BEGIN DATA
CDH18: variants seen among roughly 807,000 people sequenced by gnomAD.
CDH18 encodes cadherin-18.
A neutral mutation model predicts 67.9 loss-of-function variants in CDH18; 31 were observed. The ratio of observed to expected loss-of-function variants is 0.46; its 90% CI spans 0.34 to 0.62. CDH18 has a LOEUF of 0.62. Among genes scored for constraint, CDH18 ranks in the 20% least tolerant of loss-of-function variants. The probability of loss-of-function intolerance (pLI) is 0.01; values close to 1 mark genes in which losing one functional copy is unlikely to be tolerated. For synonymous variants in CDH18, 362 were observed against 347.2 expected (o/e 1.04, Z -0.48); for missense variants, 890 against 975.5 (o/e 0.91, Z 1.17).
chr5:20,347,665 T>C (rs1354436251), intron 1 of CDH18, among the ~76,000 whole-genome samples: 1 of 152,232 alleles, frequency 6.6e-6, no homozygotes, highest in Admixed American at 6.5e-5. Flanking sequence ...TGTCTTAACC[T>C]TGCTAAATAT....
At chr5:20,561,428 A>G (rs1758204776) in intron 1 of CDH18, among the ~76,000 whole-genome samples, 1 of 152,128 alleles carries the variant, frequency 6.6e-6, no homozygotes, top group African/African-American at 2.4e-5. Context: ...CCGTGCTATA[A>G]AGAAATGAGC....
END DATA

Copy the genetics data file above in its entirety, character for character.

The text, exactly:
CDH18: variants seen among roughly 807,000 people sequenced by gnomAD.
CDH18 encodes cadherin-18.
A neutral mutation model predicts 67.9 loss-of-function variants in CDH18; 31 were observed. The ratio of observed to expected loss-of-function variants is 0.46; its 90% CI spans 0.34 to 0.62. CDH18 has a LOEUF of 0.62. Among genes scored for constraint, CDH18 ranks in the 20% least tolerant of loss-of-function variants. The probability of loss-of-function intolerance (pLI) is 0.01; values close to 1 mark genes in which losing one functional copy is unlikely to be tolerated. For synonymous variants in CDH18, 362 were observed against 347.2 expected (o/e 1.04, Z -0.48); for missense variants, 890 against 975.5 (o/e 0.91, Z 1.17).
chr5:20,347,665 T>C (rs1354436251), intron 1 of CDH18, among the ~76,000 whole-genome samples: 1 of 152,232 alleles, frequency 6.6e-6, no homozygotes, highest in Admixed American at 6.5e-5. Flanking sequence ...TGTCTTAACC[T>C]TGCTAAATAT....
At chr5:20,561,428 A>G (rs1758204776) in intron 1 of CDH18, among the ~76,000 whole-genome samples, 1 of 152,128 alleles carries the variant, frequency 6.6e-6, no homozygotes, top group African/African-American at 2.4e-5. Context: ...CCGTGCTATA[A>G]AGAAATGAGC....